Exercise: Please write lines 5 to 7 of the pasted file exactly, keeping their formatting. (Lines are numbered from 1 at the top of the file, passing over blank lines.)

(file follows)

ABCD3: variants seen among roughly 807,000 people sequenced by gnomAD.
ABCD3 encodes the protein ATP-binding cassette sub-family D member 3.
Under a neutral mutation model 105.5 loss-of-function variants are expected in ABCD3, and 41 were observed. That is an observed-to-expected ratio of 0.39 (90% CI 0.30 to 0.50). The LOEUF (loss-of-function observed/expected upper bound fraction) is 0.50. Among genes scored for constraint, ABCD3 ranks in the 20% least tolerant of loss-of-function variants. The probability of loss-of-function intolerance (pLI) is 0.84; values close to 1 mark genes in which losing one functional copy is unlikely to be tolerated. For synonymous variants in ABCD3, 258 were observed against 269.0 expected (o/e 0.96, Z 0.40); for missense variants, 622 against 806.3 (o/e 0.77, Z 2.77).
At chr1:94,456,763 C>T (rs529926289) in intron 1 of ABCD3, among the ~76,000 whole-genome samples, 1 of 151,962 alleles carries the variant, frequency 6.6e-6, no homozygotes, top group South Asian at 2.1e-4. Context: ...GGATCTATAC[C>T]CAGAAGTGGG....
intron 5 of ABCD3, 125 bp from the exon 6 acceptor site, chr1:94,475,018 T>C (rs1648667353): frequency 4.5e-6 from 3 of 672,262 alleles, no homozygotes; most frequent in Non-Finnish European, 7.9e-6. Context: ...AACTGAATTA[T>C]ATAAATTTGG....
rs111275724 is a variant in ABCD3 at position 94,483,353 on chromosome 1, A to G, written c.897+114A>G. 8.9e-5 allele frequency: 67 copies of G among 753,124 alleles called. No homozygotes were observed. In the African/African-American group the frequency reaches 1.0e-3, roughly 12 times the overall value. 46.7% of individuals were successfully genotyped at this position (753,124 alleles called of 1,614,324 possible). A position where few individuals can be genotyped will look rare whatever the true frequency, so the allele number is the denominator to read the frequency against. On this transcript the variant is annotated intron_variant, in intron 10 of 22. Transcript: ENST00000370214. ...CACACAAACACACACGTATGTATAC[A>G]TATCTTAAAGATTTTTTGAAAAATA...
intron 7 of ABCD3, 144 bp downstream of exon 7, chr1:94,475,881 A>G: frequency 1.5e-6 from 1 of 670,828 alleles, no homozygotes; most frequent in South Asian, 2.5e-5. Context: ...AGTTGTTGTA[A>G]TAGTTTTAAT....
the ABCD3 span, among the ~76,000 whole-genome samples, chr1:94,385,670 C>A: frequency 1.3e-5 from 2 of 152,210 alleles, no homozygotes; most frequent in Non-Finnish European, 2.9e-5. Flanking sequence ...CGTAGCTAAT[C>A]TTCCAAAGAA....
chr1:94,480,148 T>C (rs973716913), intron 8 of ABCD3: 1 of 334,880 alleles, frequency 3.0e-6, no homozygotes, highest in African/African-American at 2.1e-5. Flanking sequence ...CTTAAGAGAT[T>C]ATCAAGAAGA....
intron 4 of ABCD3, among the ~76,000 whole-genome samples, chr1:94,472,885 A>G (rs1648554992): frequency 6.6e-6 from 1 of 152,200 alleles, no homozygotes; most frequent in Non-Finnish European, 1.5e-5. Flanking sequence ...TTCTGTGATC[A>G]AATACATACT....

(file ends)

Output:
intron 5 of ABCD3, 125 bp from the exon 6 acceptor site, chr1:94,475,018 T>C (rs1648667353): frequency 4.5e-6 from 3 of 672,262 alleles, no homozygotes; most frequent in Non-Finnish European, 7.9e-6. Context: ...AACTGAATTA[T>C]ATAAATTTGG....
rs111275724 is a variant in ABCD3 at position 94,483,353 on chromosome 1, A to G, written c.897+114A>G. 8.9e-5 allele frequency: 67 copies of G among 753,124 alleles called. No homozygotes were observed. In the African/African-American group the frequency reaches 1.0e-3, roughly 12 times the overall value. 46.7% of individuals were successfully genotyped at this position (753,124 alleles called of 1,614,324 possible). A position where few individuals can be genotyped will look rare whatever the true frequency, so the allele number is the denominator to read the frequency against. On this transcript the variant is annotated intron_variant, in intron 10 of 22. Transcript: ENST00000370214. ...CACACAAACACACACGTATGTATAC[A>G]TATCTTAAAGATTTTTTGAAAAATA...
intron 7 of ABCD3, 144 bp downstream of exon 7, chr1:94,475,881 A>G: frequency 1.5e-6 from 1 of 670,828 alleles, no homozygotes; most frequent in South Asian, 2.5e-5. Context: ...AGTTGTTGTA[A>G]TAGTTTTAAT....